Asean nations fail to reach agreement on South China Sea

Ministerial meeting on the sidelines of the Asean regional conference Asean was unable to agree on how to approach the South China Sea issue

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South-east Asian countries have failed to reach an agreement on how to deal with China's claims on disputed territory in the South China Sea.

The 10-member Association of Southest Asian Nations (Asean) ended a meeting in Cambodia without issuing a joint statement for the first time in its 45-year history.

It had earlier adopted key elements of a code of conduct on maritime issues.

China has overlapping claims with four Asean members in the South China Sea.

Asean foreign ministers and their regional counterparts from 16 countries, including China, met in Cambodia's capital Phnom Penh for a regional forum. Tension in the South China Sea topped the agenda.

The Philippines, Vietnam, Malaysia and Brunei contest parts of the resource-rich South China Sea area with China.

The Philippines and Vietnam want Asean to resist Beijing's insistence that the disputes be handled on a bilateral level only. Asean officials said the two countries wanted the joint statement to include references to their territorial disputes with China.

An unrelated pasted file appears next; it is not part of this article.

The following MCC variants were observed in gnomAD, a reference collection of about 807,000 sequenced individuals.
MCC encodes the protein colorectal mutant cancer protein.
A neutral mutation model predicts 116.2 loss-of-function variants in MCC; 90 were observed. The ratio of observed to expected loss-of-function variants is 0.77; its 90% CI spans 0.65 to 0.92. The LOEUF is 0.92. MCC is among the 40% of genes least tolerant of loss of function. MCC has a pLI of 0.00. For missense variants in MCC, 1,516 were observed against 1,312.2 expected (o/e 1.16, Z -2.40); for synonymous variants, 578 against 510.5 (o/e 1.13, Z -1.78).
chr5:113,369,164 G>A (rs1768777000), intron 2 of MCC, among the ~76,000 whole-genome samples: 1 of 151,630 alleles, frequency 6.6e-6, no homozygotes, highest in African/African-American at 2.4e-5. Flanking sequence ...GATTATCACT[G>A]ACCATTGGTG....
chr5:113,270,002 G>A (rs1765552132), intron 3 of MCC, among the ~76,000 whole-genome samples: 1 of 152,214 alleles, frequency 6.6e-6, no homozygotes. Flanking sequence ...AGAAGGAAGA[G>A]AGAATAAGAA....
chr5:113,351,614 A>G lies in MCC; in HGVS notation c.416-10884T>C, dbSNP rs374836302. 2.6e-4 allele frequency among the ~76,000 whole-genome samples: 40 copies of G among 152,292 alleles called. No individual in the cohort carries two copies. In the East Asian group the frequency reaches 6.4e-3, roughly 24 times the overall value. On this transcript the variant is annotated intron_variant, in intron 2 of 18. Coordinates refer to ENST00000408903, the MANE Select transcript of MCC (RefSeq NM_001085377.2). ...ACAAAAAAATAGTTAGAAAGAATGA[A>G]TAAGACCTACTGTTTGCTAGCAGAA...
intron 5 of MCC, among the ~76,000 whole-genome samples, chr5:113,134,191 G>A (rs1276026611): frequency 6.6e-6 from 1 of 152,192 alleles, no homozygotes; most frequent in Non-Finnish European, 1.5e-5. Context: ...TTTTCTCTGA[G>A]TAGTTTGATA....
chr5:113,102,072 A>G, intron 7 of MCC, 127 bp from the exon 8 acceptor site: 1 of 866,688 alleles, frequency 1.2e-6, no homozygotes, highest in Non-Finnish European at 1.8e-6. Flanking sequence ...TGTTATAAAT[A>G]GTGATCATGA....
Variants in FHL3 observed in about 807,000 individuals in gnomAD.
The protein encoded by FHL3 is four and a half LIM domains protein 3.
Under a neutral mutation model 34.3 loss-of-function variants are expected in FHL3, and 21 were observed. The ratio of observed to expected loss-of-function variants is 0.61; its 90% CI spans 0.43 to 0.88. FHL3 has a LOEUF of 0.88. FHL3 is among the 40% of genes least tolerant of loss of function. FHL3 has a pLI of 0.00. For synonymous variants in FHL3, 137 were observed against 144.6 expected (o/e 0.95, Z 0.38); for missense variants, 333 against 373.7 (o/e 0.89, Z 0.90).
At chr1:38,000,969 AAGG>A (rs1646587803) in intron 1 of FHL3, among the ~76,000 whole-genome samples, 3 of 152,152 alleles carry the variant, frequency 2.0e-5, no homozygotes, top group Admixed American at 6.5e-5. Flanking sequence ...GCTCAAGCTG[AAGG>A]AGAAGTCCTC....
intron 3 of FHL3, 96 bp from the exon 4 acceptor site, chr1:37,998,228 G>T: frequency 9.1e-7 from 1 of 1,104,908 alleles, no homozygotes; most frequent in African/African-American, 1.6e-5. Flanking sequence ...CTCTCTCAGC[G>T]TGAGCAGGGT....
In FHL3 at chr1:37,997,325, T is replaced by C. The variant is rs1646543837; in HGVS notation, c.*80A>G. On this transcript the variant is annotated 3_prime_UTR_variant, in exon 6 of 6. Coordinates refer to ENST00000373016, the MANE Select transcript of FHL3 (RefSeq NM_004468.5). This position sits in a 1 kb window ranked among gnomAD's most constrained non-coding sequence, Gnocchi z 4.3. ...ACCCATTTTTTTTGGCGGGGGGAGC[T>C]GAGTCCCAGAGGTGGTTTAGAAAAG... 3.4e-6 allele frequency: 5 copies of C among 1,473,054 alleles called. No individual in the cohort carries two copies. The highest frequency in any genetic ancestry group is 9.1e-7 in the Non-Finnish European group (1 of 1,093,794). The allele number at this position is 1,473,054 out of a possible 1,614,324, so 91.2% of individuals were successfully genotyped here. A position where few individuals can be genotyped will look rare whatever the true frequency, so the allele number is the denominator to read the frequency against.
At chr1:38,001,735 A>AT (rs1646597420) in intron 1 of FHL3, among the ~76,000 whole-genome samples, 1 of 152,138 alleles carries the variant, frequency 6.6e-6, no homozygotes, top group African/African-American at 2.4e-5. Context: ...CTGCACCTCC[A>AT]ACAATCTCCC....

The Philippines has accused Cambodia, a close ally of China, of blocking any mention of the dispute.

But Cambodian Foreign Minister Hor Namhong said that all Asean members were responsible for the failure to issue a statement.

"I requested that we issue the joint communique without mention of the South China Sea dispute ... but some member countries repeatedly insisted to put the issue of the Scarborough Shoal," he said.

"I have told my colleagues that the meeting of the Asean foreign ministers is not a court, a place to give a verdict about the dispute."

China and the Philippines had a maritime stand-off in the Scaborough Shoal in April, with China denying reports it was preparing for war at the height of tensions in May. Both sides accused the other of trespassing on territorial waters.

Vietnam was also angered by a recent call from China for oil exploration in a disputed territory.

Earlier this week, Asean forum ministers adopted key elements of a code of conduct on rules governing maritime issues, and presented the proposal for China's agreement.

The Chinese foreign ministry had said that China would consider the proposals if the conditions were right.

Asean was set up in 1967 by Thailand, Indonesia, Malaysia, the Philippines and Singapore. Brunei joined in 1984, followed by Vietnam in 1995, Laos and Burma in 1997 and Cambodia in 1999.

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